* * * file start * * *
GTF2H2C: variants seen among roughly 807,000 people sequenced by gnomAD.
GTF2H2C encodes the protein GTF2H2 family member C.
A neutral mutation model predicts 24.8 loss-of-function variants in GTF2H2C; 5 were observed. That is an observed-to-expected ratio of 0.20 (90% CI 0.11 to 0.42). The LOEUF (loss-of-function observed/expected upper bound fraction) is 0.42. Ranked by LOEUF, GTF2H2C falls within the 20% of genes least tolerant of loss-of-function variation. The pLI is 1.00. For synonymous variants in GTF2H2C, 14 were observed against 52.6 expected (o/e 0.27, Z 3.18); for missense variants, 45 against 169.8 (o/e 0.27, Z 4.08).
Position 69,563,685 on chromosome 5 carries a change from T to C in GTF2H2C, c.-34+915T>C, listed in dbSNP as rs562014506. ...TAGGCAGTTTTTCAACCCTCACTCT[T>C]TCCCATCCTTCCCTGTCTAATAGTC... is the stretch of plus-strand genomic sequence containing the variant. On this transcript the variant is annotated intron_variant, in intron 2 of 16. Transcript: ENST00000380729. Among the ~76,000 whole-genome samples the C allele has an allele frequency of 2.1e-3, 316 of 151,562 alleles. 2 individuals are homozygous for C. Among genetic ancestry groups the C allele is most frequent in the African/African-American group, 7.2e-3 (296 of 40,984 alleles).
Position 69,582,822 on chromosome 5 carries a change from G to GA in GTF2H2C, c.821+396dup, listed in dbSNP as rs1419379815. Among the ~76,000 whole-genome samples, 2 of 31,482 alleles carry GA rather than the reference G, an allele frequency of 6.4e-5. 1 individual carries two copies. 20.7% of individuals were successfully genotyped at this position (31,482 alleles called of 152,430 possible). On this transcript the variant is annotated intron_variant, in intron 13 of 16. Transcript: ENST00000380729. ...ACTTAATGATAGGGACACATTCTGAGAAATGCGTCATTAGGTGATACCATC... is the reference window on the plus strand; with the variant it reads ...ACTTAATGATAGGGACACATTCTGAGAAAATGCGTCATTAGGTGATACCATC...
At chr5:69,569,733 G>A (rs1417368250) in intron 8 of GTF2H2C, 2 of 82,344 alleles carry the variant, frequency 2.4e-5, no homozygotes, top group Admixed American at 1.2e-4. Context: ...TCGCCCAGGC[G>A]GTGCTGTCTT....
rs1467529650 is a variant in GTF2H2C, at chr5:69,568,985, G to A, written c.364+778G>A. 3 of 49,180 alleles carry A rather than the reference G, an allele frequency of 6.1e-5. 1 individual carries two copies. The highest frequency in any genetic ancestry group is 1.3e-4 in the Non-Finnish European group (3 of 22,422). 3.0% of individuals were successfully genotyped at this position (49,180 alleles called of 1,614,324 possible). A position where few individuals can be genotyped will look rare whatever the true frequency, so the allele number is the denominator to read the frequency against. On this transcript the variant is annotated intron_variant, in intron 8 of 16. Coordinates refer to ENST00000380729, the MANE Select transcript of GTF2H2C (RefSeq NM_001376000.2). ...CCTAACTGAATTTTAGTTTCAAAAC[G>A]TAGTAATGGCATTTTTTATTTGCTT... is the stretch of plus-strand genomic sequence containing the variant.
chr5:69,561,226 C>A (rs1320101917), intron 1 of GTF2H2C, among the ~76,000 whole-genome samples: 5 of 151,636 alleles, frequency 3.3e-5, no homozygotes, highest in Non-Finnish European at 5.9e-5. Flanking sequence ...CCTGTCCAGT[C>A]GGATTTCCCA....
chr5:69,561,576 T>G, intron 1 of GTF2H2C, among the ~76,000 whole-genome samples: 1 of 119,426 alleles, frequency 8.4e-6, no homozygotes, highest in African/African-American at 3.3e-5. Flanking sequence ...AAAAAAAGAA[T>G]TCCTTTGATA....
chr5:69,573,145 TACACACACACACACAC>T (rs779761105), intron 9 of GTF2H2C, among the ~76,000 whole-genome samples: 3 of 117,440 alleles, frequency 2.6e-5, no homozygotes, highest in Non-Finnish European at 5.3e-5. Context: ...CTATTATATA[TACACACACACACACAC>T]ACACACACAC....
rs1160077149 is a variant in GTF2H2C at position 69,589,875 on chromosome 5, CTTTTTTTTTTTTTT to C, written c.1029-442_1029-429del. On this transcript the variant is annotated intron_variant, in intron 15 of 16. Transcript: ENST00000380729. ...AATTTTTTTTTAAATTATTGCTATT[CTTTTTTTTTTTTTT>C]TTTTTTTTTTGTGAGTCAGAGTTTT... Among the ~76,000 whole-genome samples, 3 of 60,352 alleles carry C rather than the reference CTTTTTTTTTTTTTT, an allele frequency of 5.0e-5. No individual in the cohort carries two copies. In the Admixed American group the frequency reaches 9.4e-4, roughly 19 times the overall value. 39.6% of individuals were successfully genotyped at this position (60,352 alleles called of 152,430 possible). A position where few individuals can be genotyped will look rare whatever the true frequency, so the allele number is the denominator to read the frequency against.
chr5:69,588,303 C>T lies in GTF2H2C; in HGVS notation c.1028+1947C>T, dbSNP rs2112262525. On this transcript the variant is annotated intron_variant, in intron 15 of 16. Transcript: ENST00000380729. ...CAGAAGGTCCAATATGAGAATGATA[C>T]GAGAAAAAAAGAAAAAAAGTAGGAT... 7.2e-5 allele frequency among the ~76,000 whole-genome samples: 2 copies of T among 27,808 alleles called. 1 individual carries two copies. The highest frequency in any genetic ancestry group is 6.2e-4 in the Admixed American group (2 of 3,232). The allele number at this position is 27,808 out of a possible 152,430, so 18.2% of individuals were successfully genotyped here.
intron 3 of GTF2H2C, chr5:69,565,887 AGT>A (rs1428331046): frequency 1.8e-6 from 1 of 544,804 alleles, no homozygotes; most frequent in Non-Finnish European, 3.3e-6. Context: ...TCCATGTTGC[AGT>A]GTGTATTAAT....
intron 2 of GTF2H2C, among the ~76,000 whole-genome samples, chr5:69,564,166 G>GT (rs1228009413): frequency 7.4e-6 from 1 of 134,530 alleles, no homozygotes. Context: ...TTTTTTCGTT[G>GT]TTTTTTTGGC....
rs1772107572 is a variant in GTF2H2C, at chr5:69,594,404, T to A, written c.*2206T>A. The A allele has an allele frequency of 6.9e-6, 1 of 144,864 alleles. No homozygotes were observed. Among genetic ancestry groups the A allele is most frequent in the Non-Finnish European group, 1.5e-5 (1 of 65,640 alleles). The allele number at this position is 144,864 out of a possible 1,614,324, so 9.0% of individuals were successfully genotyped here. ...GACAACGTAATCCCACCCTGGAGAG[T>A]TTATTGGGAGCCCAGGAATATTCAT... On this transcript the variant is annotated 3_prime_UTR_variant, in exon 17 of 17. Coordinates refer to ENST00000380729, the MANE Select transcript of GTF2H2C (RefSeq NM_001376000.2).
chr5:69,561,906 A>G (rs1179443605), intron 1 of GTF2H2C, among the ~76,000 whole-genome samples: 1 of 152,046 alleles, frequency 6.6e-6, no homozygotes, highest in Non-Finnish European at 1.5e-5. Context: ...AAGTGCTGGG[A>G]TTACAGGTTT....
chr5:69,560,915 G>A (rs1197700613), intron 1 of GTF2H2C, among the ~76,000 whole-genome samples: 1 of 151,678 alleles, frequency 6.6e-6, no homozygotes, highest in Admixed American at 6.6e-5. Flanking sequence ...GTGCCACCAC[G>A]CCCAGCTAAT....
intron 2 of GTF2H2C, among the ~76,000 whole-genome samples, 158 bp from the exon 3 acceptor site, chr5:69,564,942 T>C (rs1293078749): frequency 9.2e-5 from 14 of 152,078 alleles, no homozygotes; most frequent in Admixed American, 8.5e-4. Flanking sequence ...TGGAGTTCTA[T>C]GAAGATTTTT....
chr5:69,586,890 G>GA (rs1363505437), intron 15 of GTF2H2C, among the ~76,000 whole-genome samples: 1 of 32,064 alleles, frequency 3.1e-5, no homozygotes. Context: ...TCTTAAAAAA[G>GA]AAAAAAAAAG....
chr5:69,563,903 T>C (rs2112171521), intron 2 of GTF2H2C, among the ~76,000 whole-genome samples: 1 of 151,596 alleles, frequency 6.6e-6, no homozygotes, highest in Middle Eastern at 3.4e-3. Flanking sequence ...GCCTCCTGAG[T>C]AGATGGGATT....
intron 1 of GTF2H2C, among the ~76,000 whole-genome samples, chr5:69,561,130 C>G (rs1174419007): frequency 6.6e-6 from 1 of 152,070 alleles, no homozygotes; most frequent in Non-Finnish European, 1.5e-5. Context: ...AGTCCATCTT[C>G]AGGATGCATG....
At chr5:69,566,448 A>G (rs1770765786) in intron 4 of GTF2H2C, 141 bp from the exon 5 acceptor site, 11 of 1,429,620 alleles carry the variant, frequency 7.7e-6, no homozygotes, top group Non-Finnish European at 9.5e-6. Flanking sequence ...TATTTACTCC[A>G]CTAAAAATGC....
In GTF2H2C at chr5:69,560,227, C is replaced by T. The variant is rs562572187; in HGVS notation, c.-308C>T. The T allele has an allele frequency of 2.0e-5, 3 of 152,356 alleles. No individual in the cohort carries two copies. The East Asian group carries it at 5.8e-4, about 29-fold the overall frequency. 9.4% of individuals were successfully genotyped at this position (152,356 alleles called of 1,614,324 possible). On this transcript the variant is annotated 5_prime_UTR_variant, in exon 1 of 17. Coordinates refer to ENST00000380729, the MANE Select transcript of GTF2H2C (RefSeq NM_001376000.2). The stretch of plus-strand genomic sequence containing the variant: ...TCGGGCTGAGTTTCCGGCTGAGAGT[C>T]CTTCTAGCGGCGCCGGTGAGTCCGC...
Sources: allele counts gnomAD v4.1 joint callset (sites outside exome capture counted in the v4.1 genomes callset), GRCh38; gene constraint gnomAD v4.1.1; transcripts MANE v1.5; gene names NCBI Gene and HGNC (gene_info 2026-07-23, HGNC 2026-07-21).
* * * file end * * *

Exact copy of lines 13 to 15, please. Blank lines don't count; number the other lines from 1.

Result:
intron 3 of GTF2H2C, chr5:69,565,887 AGT>A (rs1428331046): frequency 1.8e-6 from 1 of 544,804 alleles, no homozygotes; most frequent in Non-Finnish European, 3.3e-6. Context: ...TCCATGTTGC[AGT>A]GTGTATTAAT....
intron 2 of GTF2H2C, among the ~76,000 whole-genome samples, chr5:69,564,166 G>GT (rs1228009413): frequency 7.4e-6 from 1 of 134,530 alleles, no homozygotes. Context: ...TTTTTTCGTT[G>GT]TTTTTTTGGC....
rs1772107572 is a variant in GTF2H2C, at chr5:69,594,404, T to A, written c.*2206T>A. The A allele has an allele frequency of 6.9e-6, 1 of 144,864 alleles. No homozygotes were observed. Among genetic ancestry groups the A allele is most frequent in the Non-Finnish European group, 1.5e-5 (1 of 65,640 alleles). The allele number at this position is 144,864 out of a possible 1,614,324, so 9.0% of individuals were successfully genotyped here. ...GACAACGTAATCCCACCCTGGAGAG[T>A]TTATTGGGAGCCCAGGAATATTCAT... On this transcript the variant is annotated 3_prime_UTR_variant, in exon 17 of 17. Coordinates refer to ENST00000380729, the MANE Select transcript of GTF2H2C (RefSeq NM_001376000.2).